We were on a short hike back to a good fishing hole and had not yet reached our destination when the sneaky little vampire showed up. It grabbed hold, and positioned itself for a nice meal of warm blood.
It was a tick — a tiny, silent hitchhiker that comes from that wonderful family of insects that also brings us spiders, scorpions, chiggers, and mites. You likely cringe, itch, or feel your skin start to sting, just at the mere mention of their names.
But ticks have a special place in the realm of dastardly bugs, since they can potentially carry a lengthy list of nasty pathogens. And there are a lot of ticks in our outdoors world — nearly 900 species of these ectoparasites make earth their home. They come in many sizes, with some as tiny as a fleck of pepper.
Ticks live the same way those most notorious Transylvanians allegedly did — by hematophagy — surviving on the blood of others. While Dracula inexplicably always seemed to need a painfully thin and emaciated young female to provide his nutrition, any human will do for ticks, along with any other mammal, birds, and even reptiles and amphibians.
Some ticks have preferred hosts, as Dracula obviously did, or still does. The one positioning itself on my arm for a fine meal of Type AB-positive blood was a blacklegged deer tick. It had not yet gotten started with that banquet, so it was easily dispatched with a pair of tweezers that are part of the customary fishing ensemble.
While a mosquito buzzing around your head is annoying, and the flies that want to land on your picnic lunch are disgusting, ticks are inherently dangerous to humans, and their pets. Ticks can carry Lyme disease, Rocky Mountain spotted fever, relapsing fever, tularemia, tick paralysis, ehrlichiosis, Colorado tick fever, basesiosis, tick-borne meningoencephalitis, Crimean-Congo hemorrhagic fever, anaplasmosis, and something that looks like it came from the remains of a Scrabble game called cytauxzoonosis.
I remember paging through my dad’s medical journals as a kid, and being astonished at the names of various diseases and ailments. Decades later, the names still have that chilling effect. Although it occurs most often on the other side of the world, add Crimean-Congo hemorrhagic fever to the list of words you never want to hear your doctor say.
Closer to home, our tick-related concerns focus on American dog ticks, blacklegged ticks, and lone star ticks — the three species most common in Ohio and Michigan. We need to be aware of them, but not to the point that the potential presence of ticks prevents us and our pets from enjoying the woods, a camping trip, or a good hike.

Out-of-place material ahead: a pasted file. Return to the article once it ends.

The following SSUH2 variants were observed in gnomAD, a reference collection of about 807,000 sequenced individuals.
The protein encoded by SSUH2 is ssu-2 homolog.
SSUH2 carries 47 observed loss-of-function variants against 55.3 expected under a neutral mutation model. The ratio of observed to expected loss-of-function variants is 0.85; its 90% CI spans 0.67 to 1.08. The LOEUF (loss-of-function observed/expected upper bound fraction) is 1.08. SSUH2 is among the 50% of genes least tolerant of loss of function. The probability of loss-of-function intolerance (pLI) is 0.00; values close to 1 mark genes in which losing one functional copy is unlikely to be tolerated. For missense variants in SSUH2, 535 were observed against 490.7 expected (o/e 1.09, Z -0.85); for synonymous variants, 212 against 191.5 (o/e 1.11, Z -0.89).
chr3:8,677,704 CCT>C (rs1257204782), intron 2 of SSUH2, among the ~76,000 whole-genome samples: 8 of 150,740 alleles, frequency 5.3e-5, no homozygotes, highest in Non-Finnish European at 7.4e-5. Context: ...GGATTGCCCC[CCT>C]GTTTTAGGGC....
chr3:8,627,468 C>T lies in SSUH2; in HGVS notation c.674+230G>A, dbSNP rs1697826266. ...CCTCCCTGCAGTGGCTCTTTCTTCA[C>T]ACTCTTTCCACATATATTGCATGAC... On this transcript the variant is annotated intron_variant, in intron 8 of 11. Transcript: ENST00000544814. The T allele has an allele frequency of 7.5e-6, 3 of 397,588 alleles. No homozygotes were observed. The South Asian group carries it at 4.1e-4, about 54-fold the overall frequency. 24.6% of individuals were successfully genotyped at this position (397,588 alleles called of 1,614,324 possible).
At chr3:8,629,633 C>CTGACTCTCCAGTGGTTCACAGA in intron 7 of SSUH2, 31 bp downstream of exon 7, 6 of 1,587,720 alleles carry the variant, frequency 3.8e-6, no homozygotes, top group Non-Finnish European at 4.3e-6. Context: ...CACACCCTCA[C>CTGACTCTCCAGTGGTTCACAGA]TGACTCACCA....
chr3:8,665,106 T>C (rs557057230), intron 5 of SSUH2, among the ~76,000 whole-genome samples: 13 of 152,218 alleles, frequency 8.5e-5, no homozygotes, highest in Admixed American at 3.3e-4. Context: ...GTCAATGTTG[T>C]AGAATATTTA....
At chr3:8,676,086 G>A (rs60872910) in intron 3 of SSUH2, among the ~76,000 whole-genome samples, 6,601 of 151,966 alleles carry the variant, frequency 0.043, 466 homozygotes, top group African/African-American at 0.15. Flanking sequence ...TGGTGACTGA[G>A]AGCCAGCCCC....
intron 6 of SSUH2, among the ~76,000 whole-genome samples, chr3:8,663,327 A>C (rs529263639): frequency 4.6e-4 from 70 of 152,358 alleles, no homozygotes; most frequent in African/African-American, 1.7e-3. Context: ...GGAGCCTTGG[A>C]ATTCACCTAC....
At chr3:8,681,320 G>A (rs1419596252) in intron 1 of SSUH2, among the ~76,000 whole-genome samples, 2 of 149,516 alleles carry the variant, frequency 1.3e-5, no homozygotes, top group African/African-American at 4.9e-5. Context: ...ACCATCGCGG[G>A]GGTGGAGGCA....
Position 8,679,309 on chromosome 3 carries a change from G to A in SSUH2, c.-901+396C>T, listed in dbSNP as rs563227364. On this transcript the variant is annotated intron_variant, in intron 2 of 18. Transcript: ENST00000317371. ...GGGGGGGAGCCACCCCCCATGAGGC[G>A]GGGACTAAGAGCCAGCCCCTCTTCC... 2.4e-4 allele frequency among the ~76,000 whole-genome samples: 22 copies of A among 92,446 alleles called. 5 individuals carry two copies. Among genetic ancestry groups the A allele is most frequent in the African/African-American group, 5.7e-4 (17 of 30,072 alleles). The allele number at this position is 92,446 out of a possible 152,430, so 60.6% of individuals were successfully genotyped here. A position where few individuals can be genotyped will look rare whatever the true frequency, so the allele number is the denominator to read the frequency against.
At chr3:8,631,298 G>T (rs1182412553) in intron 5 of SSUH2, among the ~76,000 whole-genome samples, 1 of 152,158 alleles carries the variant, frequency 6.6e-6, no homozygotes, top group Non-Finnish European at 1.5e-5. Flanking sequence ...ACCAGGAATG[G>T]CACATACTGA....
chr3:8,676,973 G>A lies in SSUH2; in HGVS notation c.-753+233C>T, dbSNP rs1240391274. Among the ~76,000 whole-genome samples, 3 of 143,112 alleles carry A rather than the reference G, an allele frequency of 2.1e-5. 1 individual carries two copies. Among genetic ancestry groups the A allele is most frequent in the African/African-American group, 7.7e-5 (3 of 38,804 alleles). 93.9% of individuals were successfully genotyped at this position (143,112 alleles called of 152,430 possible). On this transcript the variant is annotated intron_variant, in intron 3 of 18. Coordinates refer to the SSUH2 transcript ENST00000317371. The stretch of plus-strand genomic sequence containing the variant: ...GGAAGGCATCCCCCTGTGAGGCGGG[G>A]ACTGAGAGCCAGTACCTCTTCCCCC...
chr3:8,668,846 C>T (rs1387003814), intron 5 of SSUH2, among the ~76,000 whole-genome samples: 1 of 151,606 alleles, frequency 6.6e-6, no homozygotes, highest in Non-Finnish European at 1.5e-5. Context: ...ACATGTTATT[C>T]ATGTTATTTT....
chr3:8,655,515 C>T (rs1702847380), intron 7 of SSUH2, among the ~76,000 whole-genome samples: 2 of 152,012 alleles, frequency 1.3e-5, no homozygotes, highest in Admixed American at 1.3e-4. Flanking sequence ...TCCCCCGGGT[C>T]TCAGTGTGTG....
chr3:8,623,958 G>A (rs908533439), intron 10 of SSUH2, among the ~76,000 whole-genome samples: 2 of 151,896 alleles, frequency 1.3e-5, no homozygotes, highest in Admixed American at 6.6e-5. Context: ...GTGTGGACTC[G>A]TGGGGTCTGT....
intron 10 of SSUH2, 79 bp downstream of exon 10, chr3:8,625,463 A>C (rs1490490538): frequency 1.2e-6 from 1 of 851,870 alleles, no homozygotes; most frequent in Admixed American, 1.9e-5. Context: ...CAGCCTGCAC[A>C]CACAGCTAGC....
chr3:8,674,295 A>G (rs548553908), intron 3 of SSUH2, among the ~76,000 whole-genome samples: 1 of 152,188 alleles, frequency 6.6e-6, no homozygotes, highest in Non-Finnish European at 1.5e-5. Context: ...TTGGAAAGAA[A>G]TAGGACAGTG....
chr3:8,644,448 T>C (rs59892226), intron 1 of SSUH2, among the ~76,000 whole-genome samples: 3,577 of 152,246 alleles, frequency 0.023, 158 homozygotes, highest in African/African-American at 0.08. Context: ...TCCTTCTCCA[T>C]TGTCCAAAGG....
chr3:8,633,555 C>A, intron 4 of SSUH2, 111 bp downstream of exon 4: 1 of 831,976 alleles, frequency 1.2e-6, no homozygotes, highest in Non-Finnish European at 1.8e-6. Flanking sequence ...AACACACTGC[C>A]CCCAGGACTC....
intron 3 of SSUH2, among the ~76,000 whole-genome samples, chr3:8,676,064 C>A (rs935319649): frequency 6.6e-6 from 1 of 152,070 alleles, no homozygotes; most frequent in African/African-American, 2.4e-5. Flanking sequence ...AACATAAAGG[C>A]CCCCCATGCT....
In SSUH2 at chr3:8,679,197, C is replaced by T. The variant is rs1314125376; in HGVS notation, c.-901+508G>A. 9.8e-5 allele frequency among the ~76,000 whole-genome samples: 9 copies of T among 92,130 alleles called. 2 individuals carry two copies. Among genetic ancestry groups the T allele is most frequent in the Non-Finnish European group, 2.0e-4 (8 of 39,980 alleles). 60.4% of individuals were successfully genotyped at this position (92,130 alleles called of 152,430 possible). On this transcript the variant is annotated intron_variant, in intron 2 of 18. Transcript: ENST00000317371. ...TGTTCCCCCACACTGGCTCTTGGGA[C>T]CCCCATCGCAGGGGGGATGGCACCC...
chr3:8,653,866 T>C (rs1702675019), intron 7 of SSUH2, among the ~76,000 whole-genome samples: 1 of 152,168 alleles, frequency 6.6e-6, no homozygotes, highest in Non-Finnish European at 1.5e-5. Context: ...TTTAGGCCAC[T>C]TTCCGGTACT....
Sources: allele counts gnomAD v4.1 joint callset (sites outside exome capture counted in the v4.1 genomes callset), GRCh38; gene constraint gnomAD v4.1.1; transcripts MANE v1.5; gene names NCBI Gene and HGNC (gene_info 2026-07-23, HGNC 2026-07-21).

As with most potential risks in the outdoors, sensible precautions will drastically reduce any potential problems. You can avoid certain areas at certain times of the year when ticks are likely present in numbers. Many parks and natural resource offices issue advisories on this subject.
Also, know your adversary. Ticks don’t fly or jump, but they prefer to catch a ride from ground level, and then work their way up as they search for an area to bite. Long sleeves, boots, and long pants, with the pants tucked into the boots, thwart most tick attempts to find the right bite site.
A tick repellent that contains the chemical permethrin can be applied to your clothing ahead of time. Once it dries, it has good staying power.
There are also many clothing options that come with a built-in repellent to keep the ticks, mosquitoes, ants, flies, chiggers, and midges away. A company called Insect Shield has been at the forefront of this technology, impregnating clothing and gear with an effective layer of protection that reportedly lasts through 70 launderings.
Deer ticks, the sinister primary vector of Lyme disease, are present in larger numbers in areas where deer populations are more significant. The woodsy region around West Point in upstate New York has a lot of deer, so not surprisingly, the U.S. Military Academy there had one of the highest instances of Lyme disease among military installations.
Once the Army started using an insect-preventative treatment on its clothing and uniforms, the number of cases of the disease dropped significantly.
Even with proper prevention and precaution, it is a good idea to do a thorough “tick check” when returning from the woods, camp, or a hike down the trails. And don’t forget to check the dog, too, since they are a suitable host for these tiny blood-suckers, and closer to the ground where the ticks are present.
Contact Blade outdoors editor Matt Markey at: firstname.lastname@example.org or 419-724-6068.
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